NYU Urban Seminar: William A. Fischel on Growth Controls and Housing

March 8th 2016

Image Copyright: Val Lawless via Shutterstock

On March 8th, the Spring 2016 NYU Urban Seminar Series, co-hosted by the NYU Furman Center and Marron Institute, welcomed William A. Fischel, a professor of Economics at Dartmouth College. He led a discussion about his research paper entitled "The Rise of the Homevoters: How OPEC and Earth Day Created Growth-Control Zoning that Derailed the Growth Machine."

Fischel suggested that a shift began in the 1970s that affected the housing market in such a way that homeowners became what he termed "homevoters." Before 1970, owning a home was a common aspect of American living but was not looked upon by owners as a source of investment income. However, housing becomes a growth stock around 1970 and Fischel claimed that this was a result of rapid inflation and federal tax privileges around this time, which made housing appear more beneficial and cost efficient for the owner. With the subsequent increase in values of property, homeowners utilized the rising environmental protection agencies to organize themselves in order to take action to prevent unwanted development in their communities that could possibly drive the value of their property down. This shift created a class of homevoters who involve themselves in local politics with the aim of reviewing proposed development to their communities and creating protective measures to maintain property values.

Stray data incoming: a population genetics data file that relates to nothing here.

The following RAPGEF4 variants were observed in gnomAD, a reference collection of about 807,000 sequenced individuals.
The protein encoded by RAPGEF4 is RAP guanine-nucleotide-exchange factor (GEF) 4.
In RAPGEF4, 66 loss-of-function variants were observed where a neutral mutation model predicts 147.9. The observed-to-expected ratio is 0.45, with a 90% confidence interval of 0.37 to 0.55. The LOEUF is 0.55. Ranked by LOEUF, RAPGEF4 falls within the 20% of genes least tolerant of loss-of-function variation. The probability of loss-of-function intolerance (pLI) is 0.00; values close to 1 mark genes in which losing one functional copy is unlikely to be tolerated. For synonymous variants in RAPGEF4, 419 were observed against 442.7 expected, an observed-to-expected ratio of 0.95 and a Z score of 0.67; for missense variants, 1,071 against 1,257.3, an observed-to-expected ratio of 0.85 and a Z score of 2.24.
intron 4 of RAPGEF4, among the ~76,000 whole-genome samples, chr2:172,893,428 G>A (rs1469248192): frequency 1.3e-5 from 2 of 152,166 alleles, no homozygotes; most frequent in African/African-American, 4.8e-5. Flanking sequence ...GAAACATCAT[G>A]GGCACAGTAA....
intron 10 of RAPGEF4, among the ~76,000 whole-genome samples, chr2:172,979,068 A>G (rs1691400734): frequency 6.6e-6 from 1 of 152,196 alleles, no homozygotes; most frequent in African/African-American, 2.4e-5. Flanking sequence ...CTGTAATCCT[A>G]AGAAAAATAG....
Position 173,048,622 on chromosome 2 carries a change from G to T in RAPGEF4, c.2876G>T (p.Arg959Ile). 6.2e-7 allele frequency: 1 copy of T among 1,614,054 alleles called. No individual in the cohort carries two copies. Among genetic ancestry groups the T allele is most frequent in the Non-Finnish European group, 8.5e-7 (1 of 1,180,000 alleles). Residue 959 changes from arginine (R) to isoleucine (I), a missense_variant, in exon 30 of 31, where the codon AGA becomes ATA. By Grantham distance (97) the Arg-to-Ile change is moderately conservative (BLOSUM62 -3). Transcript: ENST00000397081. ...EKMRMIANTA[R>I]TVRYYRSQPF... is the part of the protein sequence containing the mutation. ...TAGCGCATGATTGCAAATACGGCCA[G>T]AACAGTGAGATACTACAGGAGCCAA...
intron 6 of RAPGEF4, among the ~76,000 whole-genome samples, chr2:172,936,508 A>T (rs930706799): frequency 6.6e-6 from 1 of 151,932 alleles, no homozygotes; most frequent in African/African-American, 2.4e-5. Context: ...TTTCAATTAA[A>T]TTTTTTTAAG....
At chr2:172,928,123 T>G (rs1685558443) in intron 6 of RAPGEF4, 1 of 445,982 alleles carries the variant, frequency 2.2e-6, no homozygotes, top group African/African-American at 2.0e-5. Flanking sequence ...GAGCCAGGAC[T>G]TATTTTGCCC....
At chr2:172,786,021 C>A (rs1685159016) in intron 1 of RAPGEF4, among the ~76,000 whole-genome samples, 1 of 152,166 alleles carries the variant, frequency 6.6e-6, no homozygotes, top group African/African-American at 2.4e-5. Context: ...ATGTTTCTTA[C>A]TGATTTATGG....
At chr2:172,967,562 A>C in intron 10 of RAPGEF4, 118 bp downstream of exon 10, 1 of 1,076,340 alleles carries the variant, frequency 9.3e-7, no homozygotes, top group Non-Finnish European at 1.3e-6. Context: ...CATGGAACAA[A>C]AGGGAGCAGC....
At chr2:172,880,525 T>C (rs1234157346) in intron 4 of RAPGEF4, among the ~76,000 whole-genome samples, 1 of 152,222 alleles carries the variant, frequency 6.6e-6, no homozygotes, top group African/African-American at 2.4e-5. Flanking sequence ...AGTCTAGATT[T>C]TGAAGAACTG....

The NYU Urban Seminar series is co-hosted by the NYU Furman Center and the Marron Institute. The speaker series is focused on research with implications for urban policy, and features a variety of researchers from across the U.S. discussing their work. The NYU Urban Seminar is open to the public; registration is required.

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